Saturday, April 4, 2015

Peru: Hiking to Choquequirao Part III

We were up early the next morning. Each day, the cook came by the tents with a cup of hot coca tea for everyone. It was a lovely way to wake up. We were again treated to a delicious meal and even some snacks to take along - some cookies and a piece of fruit. Along the way, there were very small stands selling drinks and there were plenty of places to refill our reusable water bottles.

First we had to traverse the Apurímac River by way of a cart and pulley system. It was a little scary for me but great fun. Then we would embark on the most physically challenging day so far. We'd hiked up to 3000 meters, then back down the valley to the river. Today, we would hike up the other side in an intense series of seemingly never-ending switchbacks.

We hiked with another small group of two. They were great ladies from Canada, a mother and daughter. Here they are, the first to cross the river. They were in amazing shape and were constantly leaving us in the dust.

 Our guide is laughing at my man, who is very helpful and has decided to push the ladies across.

The river during crossing.. made more eerie by the fact that there had been a construction accident the day before we got here. Three local men were killed when a boulder fell, knocking them into the river and drowning them. It was unfortunate to hear of such a tragedy and I was very sorry for the family and friends of the dead, who we saw carrying the bodies out (as there is no helicopter or road access to this area.)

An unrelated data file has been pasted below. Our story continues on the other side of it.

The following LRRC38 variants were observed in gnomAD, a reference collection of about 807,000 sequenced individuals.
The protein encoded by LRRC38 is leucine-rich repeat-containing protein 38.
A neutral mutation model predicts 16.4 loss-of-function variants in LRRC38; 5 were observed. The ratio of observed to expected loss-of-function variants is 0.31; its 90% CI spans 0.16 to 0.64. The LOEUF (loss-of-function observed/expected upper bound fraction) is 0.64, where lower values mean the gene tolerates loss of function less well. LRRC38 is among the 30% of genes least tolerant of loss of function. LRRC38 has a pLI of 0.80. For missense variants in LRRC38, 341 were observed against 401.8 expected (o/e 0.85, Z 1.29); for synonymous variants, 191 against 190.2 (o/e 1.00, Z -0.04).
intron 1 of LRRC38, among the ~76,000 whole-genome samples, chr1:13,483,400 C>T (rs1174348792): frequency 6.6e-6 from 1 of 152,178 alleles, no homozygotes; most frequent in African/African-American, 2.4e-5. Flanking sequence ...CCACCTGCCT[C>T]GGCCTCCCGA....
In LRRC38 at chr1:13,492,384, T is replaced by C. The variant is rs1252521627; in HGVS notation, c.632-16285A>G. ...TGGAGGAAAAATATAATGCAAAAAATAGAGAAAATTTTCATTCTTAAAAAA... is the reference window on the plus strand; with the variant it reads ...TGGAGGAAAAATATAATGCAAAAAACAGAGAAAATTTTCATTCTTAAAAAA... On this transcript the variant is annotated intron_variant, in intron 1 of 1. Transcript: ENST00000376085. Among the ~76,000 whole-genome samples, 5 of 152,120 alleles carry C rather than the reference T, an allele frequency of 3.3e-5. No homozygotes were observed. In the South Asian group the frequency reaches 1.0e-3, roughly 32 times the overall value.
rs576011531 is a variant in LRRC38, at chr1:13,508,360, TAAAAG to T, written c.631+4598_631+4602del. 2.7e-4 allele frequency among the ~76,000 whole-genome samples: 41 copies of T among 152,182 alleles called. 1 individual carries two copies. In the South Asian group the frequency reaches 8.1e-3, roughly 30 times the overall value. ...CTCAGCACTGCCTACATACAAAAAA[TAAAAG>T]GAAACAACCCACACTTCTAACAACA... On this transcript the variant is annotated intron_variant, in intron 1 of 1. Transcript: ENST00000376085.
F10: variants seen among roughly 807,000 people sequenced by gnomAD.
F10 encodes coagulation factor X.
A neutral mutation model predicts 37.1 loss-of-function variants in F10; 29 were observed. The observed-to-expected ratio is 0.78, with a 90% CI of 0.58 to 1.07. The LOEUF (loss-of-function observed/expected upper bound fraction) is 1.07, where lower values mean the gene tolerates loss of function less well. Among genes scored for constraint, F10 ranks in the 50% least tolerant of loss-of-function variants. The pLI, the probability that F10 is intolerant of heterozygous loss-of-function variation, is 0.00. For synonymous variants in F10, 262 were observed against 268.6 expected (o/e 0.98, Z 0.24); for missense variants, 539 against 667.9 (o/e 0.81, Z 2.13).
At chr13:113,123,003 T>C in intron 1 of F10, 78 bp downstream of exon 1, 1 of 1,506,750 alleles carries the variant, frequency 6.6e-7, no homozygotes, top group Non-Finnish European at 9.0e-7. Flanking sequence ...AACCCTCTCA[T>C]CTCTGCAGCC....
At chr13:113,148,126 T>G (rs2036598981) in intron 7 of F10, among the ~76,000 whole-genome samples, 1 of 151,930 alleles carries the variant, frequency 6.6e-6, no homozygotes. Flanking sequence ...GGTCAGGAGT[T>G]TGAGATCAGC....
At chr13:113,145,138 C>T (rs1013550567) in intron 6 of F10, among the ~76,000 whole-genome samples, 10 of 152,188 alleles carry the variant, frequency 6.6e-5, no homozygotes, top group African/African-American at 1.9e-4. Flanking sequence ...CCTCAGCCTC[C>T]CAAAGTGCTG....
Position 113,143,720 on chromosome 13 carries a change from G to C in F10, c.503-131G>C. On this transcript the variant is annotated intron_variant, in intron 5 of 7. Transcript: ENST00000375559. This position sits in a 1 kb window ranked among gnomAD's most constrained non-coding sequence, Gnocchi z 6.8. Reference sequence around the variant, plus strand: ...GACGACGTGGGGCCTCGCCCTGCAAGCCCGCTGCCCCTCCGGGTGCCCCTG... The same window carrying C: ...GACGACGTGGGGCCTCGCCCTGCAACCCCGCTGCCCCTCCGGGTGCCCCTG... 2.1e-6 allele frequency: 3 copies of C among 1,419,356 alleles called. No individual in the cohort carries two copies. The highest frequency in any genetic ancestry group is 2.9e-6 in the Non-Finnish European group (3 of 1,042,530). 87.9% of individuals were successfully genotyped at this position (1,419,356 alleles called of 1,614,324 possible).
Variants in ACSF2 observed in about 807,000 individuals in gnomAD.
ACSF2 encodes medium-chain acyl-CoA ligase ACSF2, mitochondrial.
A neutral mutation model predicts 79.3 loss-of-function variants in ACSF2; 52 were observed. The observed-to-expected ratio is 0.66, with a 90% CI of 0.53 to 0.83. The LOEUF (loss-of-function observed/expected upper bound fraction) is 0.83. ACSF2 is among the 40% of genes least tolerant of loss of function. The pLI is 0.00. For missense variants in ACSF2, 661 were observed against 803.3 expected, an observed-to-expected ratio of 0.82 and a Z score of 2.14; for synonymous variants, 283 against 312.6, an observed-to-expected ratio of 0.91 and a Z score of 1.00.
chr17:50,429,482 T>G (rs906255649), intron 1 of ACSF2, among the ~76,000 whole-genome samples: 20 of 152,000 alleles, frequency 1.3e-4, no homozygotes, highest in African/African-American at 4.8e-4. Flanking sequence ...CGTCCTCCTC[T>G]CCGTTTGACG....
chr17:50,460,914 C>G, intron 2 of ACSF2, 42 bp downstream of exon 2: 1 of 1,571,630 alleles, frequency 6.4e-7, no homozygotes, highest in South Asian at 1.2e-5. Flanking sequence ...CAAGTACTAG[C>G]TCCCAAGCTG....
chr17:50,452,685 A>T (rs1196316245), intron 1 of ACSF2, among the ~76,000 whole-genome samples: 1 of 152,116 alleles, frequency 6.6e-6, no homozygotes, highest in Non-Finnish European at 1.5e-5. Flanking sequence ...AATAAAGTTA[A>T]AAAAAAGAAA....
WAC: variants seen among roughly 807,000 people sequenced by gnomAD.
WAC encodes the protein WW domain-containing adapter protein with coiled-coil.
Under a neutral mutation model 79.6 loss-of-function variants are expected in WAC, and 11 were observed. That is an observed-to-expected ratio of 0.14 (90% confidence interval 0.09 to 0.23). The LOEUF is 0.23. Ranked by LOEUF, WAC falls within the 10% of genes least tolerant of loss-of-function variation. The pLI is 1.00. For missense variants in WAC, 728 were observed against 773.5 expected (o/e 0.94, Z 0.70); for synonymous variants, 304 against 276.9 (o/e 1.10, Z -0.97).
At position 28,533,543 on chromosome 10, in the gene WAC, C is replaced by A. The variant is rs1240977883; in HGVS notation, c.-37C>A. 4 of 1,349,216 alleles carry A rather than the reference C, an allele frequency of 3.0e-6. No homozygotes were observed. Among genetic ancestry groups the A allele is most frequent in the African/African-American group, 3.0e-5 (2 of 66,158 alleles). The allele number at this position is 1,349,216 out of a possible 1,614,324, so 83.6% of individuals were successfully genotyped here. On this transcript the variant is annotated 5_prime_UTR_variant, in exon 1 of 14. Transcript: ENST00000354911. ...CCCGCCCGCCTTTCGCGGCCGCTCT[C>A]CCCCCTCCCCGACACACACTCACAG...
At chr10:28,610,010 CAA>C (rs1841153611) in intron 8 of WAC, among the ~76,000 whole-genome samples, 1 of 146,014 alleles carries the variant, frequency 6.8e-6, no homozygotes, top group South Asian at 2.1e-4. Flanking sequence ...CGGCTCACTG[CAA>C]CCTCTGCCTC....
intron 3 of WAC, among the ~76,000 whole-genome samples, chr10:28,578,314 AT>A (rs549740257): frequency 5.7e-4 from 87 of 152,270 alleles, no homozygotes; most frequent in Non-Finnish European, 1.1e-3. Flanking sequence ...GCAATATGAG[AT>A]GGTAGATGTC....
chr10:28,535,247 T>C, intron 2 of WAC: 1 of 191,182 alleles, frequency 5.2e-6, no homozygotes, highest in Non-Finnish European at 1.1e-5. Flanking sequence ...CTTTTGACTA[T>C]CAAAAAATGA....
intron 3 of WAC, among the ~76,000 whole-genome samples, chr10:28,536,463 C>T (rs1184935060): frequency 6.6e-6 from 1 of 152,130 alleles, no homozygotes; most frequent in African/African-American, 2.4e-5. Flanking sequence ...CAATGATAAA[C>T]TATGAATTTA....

Once we crossed, a tremendous challenge awaited.. but I knew that at the end of the day, we would reach our most distant campsite.
The locals, and their mules, had no problems basically running up and down the trail. It was stunning to see (as you are gasping to catch your own breath.) We did encounter other tourists, though not many. Most were just as exhausted, if not more so, than us.

At some points, the river was no longer even visible and it was easy to see the incredible progress ..

  .... and the huge heights that were being reached.
Beware of rock slides! The trail wasn't dangerous, though I was glad to have hiking shoes with good soles. There were many parts with loose gravel and lots of chances for slips and twisted ankles. There aren't tons of precipitous drops, but you still have to be careful because there are no railings.

We reached a small homestead and had a chance to sit down, enjoy a drink and soak in the view. Before long it would be time to continue, and we hadn't even had lunch yet!


See the rest of our journey -

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